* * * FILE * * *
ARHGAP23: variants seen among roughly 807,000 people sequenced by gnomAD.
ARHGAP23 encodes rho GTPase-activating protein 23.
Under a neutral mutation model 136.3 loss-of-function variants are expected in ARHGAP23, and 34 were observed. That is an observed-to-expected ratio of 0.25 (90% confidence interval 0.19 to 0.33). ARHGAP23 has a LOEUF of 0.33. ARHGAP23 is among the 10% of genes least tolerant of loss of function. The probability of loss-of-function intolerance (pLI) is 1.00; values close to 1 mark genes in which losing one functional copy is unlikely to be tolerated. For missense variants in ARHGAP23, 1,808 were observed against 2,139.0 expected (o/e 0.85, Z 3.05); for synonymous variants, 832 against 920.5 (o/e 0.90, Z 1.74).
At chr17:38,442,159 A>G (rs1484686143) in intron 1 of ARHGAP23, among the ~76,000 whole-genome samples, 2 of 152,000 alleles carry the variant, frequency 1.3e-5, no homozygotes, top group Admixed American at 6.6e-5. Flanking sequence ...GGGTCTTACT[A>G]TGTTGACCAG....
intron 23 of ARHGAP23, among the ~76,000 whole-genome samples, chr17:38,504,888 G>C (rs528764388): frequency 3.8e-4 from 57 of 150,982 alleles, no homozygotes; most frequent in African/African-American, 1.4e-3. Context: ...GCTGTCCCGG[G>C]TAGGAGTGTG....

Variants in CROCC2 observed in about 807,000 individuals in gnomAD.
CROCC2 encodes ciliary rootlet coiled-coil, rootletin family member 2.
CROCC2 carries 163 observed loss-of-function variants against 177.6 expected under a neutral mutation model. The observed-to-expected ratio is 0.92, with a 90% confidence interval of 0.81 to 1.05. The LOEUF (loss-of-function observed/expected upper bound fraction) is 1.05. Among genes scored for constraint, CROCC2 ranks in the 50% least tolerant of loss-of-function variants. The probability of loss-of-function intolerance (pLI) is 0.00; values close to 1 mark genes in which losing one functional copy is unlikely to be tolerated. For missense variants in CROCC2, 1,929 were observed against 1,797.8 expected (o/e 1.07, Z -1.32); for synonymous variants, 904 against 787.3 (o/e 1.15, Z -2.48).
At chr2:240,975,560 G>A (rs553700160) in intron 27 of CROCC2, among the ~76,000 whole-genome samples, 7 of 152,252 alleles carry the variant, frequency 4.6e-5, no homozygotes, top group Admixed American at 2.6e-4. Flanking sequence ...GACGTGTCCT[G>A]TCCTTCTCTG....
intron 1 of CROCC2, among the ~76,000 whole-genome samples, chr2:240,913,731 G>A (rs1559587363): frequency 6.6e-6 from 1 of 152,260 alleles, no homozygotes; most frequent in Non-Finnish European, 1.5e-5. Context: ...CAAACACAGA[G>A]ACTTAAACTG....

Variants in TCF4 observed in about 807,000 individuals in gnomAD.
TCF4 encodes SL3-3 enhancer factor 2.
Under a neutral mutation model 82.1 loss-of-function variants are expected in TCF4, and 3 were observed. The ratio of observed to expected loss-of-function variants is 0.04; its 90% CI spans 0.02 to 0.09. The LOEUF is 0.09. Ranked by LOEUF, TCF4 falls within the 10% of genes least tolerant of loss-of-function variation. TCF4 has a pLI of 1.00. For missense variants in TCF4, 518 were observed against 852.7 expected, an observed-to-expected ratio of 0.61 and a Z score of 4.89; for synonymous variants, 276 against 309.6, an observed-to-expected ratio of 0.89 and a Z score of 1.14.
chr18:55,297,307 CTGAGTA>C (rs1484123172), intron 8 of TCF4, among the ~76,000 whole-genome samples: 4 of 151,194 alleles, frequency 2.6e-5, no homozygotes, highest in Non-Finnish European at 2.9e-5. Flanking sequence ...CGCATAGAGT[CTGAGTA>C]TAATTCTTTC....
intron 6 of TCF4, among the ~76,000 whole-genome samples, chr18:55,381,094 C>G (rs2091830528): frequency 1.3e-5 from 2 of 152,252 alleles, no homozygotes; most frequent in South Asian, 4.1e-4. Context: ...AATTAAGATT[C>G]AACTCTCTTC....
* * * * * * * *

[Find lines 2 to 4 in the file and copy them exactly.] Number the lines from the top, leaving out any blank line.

ARHGAP23 encodes rho GTPase-activating protein 23.
Under a neutral mutation model 136.3 loss-of-function variants are expected in ARHGAP23, and 34 were observed. That is an observed-to-expected ratio of 0.25 (90% confidence interval 0.19 to 0.33). ARHGAP23 has a LOEUF of 0.33. ARHGAP23 is among the 10% of genes least tolerant of loss of function. The probability of loss-of-function intolerance (pLI) is 1.00; values close to 1 mark genes in which losing one functional copy is unlikely to be tolerated. For missense variants in ARHGAP23, 1,808 were observed against 2,139.0 expected (o/e 0.85, Z 3.05); for synonymous variants, 832 against 920.5 (o/e 0.90, Z 1.74).
At chr17:38,442,159 A>G (rs1484686143) in intron 1 of ARHGAP23, among the ~76,000 whole-genome samples, 2 of 152,000 alleles carry the variant, frequency 1.3e-5, no homozygotes, top group Admixed American at 6.6e-5. Flanking sequence ...GGGTCTTACT[A>G]TGTTGACCAG....